Referring to Toledo Public School students on air as “little monkeys” — as Wilson once did — and prying into the sex lives of local media as Schaffer loved to do may make for shocking radio talk, but it doesn’t necessarily equate the broadcasters to shock jocks.

B. Eric Rhoads, publisher of industry trade magazine Radio Ink, said the delineation between the provocateurs of AM talk shows and the ribald FM morning show teams involves two of the topics to avoid during dinner parties: politics and sex.

“The term ‘shock jock’ refers to those who tend to focus on over-the top blue content,” Rhoads said. “Political talkers like Limbaugh are not considered shock jocks. They have strong political opinions but they are not borderline in terms of content legality. Shock jocks talk about sex, talk hosts talk about politics [and other topics].”

Stuart said he thinks the era of the shock jock may be over.

“You can’t make it last,” he said. “I mean, how shocking can you be? You’re shocking today, you’ve got to to be more shocking tomorrow, and more shocking the next day. Next thing you know you’ve worn out the audience and advertisers aren’t interested. They’re bored with it. The shock part is very short. It’s like sticking your finger in a light socket. It’s going to be painful and it’s going to get attention, but it’s not something that you’re going to do every day.

“I don’t think shock jocks have a place in radio,” Stuart added. “I don’t think the shock jocks are ever going to come back.”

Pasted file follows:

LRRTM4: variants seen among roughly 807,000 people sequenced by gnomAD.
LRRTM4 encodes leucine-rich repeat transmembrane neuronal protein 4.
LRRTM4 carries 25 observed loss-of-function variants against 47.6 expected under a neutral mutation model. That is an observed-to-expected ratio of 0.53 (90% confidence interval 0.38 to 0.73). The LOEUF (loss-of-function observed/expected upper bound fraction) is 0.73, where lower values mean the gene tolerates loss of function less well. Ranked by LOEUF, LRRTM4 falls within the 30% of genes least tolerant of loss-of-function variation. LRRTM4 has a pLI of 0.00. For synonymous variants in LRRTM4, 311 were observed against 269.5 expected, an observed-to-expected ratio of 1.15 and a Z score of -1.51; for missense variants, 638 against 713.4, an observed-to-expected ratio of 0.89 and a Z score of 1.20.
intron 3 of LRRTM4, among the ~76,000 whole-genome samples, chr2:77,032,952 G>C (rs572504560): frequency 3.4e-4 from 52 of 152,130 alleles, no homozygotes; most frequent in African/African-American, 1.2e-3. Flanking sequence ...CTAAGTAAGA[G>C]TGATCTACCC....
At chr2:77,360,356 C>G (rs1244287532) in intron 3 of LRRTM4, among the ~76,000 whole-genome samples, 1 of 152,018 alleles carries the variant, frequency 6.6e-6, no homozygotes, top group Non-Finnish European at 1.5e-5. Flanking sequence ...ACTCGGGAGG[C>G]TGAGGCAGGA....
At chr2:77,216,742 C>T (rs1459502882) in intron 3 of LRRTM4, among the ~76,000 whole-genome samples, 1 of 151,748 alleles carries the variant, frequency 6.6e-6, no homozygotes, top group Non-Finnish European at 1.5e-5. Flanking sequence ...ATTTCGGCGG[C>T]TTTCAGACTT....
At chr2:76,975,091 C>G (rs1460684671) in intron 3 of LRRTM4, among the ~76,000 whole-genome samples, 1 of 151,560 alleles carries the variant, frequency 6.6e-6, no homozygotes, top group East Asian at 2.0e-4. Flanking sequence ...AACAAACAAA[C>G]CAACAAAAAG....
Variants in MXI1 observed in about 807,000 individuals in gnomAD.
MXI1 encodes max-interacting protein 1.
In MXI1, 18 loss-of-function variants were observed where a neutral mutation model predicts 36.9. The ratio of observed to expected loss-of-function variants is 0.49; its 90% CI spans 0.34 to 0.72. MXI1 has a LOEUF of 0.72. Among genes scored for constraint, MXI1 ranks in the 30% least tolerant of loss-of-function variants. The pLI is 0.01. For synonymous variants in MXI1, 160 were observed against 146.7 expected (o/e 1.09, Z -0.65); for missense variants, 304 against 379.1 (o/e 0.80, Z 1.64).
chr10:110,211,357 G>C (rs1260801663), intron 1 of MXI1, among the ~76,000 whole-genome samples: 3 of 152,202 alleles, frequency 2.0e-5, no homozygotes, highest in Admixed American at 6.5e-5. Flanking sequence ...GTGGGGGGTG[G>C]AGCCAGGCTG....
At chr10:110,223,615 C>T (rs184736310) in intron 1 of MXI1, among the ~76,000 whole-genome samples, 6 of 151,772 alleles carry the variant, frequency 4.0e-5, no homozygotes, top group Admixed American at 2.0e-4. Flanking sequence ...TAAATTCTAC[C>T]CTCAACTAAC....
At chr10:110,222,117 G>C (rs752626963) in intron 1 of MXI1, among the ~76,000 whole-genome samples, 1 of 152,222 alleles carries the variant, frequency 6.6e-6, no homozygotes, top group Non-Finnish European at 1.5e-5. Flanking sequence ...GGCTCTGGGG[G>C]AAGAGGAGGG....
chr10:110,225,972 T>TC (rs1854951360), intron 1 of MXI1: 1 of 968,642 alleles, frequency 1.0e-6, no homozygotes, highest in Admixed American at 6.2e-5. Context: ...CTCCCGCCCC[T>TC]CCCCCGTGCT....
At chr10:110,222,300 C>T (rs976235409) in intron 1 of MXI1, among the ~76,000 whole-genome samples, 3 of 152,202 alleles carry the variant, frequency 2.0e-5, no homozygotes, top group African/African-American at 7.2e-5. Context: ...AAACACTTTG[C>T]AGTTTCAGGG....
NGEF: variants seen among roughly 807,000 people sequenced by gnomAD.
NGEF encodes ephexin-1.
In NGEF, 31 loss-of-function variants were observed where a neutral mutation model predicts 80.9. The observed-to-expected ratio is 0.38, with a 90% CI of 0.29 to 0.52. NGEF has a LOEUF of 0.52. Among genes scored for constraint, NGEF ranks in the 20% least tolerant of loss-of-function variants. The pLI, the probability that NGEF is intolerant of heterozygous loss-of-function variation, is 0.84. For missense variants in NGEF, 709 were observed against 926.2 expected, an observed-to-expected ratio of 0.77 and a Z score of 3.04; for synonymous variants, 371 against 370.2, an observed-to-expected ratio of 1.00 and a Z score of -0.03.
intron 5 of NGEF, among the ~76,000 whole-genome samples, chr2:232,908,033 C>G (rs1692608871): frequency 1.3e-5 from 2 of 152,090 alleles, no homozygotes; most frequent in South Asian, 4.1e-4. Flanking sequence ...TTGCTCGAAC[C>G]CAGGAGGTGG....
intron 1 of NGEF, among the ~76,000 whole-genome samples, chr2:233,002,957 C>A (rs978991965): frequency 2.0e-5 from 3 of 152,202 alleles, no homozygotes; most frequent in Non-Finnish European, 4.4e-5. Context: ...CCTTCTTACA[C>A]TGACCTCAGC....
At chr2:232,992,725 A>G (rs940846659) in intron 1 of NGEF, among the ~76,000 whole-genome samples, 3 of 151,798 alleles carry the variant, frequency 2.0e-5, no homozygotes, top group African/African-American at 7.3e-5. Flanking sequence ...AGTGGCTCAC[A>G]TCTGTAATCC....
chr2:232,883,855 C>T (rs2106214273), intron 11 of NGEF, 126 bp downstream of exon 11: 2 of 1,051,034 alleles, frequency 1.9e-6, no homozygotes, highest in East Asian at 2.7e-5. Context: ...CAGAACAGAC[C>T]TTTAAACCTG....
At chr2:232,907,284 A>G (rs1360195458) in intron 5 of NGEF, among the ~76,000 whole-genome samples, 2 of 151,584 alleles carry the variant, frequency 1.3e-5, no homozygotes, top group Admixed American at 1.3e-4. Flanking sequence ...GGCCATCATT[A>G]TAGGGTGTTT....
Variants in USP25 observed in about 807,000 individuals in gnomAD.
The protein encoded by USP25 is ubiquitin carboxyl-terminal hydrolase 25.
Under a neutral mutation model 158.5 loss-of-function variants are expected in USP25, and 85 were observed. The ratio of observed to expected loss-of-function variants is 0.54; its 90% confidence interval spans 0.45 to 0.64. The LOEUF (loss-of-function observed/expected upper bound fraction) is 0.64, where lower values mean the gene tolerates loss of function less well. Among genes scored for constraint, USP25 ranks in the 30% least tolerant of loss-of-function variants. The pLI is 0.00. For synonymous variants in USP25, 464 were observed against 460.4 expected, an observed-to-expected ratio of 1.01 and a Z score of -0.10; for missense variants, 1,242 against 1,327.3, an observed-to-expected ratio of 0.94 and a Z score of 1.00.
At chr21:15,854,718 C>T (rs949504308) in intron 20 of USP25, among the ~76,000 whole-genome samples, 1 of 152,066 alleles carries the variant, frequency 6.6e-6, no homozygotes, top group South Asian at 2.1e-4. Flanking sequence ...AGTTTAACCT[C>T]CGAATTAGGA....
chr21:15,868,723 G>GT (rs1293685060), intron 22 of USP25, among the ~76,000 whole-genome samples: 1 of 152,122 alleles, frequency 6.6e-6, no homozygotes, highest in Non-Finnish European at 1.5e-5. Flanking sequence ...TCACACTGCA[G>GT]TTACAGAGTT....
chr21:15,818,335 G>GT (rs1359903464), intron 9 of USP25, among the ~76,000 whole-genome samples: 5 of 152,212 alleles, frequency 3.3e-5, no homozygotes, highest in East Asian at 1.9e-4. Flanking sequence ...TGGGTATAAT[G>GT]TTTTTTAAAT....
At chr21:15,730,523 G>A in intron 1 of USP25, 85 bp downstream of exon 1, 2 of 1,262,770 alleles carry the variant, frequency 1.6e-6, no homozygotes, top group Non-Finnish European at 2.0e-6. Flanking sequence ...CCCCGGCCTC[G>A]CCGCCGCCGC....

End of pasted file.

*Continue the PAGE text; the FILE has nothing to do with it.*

Rhoads, however, isn’t so certain we’re witnessing the death spiral of morning prank calls and potty humor on air.

“I don’t think there is much research to support it either way, but the two shock jocks who had the most impact were Howard Stern and Bubba the Love Sponge, neither of which are on broadcast radio any longer,” he said. “Clearly Stern is still on Satellite radio and seems to be thriving. I think it’s determined on a city-by-city basis. I’m sure there are talent in some markets still successful with over-the-top blue content today.”

Just don’t expect to find such personalities on a Cumulus station in Toledo. When asked if Stuart’s hire might mean the return of the shock jock to local radio, Lew Dickey, Jr., Cumulus Media chairman, president, and chief executive officer, was definitive in his answer: “No shock jocks in our stable.”

As for the Stuart hire, it was important to find “the right person to lead” the Cumulus stations in Toledo, said Dickey, who acquired his father’s Toledo-based radio business, Midwestern Broadcasting, in 1997 as part of Cumulus’ growth into the second-largest radio station operator in the nation.

“Toledo has a special place in our heart for obvious reasons,” Dickey said, and “I have a great deal of respect for Andy. He worked in the market a long time and had a stellar track record of performance and is very well thought of. All [his] experience in Toledo and all the relationships in Toledo make him ideally suited to take our cluster of stations to a higher level of performance.”

Radio Ink’s Rhoads, also noted the “deep roots and emotional ties” Toledo radio has to the Dickeys. “Whomever they select to run the Toledo stations probably has even more scrutiny than most because they want to make sure that their community is handled well,” he said. “I think that speaks volumes about the confidence they have in Andy.”

Contact Kirk Baird at kbaird@theblade.com or 419-724-6734.